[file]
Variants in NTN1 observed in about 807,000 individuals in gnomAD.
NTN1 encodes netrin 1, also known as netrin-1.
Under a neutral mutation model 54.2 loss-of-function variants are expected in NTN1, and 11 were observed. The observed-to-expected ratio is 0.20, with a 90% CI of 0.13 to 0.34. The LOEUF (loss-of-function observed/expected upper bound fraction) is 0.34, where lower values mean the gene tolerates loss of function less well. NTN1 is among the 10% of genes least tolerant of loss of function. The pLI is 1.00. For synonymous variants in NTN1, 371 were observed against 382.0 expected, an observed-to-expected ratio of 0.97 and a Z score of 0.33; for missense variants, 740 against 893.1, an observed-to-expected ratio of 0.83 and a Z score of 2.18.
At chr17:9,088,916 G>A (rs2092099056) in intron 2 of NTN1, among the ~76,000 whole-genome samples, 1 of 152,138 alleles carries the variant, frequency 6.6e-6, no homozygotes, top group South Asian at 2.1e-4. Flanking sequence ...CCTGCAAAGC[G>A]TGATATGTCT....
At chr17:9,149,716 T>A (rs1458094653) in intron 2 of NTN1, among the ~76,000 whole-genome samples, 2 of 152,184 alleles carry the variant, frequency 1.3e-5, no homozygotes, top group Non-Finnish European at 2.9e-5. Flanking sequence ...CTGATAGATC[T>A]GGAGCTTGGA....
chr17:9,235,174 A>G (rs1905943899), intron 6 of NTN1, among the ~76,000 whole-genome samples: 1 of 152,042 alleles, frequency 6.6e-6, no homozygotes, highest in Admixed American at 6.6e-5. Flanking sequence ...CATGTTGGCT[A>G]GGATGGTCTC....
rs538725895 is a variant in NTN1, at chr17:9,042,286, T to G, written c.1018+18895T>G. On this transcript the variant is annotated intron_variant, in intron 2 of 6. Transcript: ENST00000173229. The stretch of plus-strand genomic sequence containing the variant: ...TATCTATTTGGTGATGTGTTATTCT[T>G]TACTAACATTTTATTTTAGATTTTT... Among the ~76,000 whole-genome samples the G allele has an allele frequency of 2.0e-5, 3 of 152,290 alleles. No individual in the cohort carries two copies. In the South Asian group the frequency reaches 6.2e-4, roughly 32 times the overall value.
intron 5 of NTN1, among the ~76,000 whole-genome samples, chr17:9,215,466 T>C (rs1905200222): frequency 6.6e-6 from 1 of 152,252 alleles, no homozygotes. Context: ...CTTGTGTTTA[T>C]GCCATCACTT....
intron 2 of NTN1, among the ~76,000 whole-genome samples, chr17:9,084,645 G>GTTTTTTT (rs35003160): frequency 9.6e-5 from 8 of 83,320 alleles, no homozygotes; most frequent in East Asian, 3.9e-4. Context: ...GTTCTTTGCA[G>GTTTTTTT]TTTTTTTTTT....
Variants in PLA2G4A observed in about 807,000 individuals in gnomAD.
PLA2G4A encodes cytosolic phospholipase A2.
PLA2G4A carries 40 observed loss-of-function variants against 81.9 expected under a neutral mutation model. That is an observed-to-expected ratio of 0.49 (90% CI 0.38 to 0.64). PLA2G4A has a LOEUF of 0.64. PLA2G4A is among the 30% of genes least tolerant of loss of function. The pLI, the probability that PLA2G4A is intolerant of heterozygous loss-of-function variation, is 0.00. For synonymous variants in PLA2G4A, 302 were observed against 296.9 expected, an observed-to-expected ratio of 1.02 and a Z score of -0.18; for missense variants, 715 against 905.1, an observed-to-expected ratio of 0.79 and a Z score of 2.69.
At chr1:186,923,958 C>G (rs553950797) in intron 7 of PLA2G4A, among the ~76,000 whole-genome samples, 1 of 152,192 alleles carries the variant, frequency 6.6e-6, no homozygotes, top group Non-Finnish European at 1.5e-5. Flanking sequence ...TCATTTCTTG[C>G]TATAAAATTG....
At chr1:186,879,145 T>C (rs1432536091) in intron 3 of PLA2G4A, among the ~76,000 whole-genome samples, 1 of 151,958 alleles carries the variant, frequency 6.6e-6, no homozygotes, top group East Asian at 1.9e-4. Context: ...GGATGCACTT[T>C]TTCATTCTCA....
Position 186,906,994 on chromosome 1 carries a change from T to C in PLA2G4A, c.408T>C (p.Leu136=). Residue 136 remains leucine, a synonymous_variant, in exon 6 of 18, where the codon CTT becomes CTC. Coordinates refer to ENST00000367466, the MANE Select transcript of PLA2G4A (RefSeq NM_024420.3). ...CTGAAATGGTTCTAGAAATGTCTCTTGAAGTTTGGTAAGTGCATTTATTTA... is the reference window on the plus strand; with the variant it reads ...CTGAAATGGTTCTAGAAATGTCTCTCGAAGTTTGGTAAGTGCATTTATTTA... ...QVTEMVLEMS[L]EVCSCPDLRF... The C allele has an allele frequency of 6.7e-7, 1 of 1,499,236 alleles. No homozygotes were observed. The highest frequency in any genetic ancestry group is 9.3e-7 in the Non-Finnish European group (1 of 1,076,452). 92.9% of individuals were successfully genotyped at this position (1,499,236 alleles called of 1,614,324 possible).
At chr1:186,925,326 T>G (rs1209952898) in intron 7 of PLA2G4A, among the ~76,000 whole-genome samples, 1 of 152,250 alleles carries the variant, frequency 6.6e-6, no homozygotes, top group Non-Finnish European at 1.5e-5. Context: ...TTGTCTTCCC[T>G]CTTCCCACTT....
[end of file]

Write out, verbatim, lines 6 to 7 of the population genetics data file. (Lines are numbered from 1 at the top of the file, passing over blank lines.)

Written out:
chr17:9,235,174 A>G (rs1905943899), intron 6 of NTN1, among the ~76,000 whole-genome samples: 1 of 152,042 alleles, frequency 6.6e-6, no homozygotes, highest in Admixed American at 6.6e-5. Flanking sequence ...CATGTTGGCT[A>G]GGATGGTCTC....
rs538725895 is a variant in NTN1, at chr17:9,042,286, T to G, written c.1018+18895T>G. On this transcript the variant is annotated intron_variant, in intron 2 of 6. Transcript: ENST00000173229. The stretch of plus-strand genomic sequence containing the variant: ...TATCTATTTGGTGATGTGTTATTCT[T>G]TACTAACATTTTATTTTAGATTTTT... Among the ~76,000 whole-genome samples the G allele has an allele frequency of 2.0e-5, 3 of 152,290 alleles. No individual in the cohort carries two copies. In the South Asian group the frequency reaches 6.2e-4, roughly 32 times the overall value.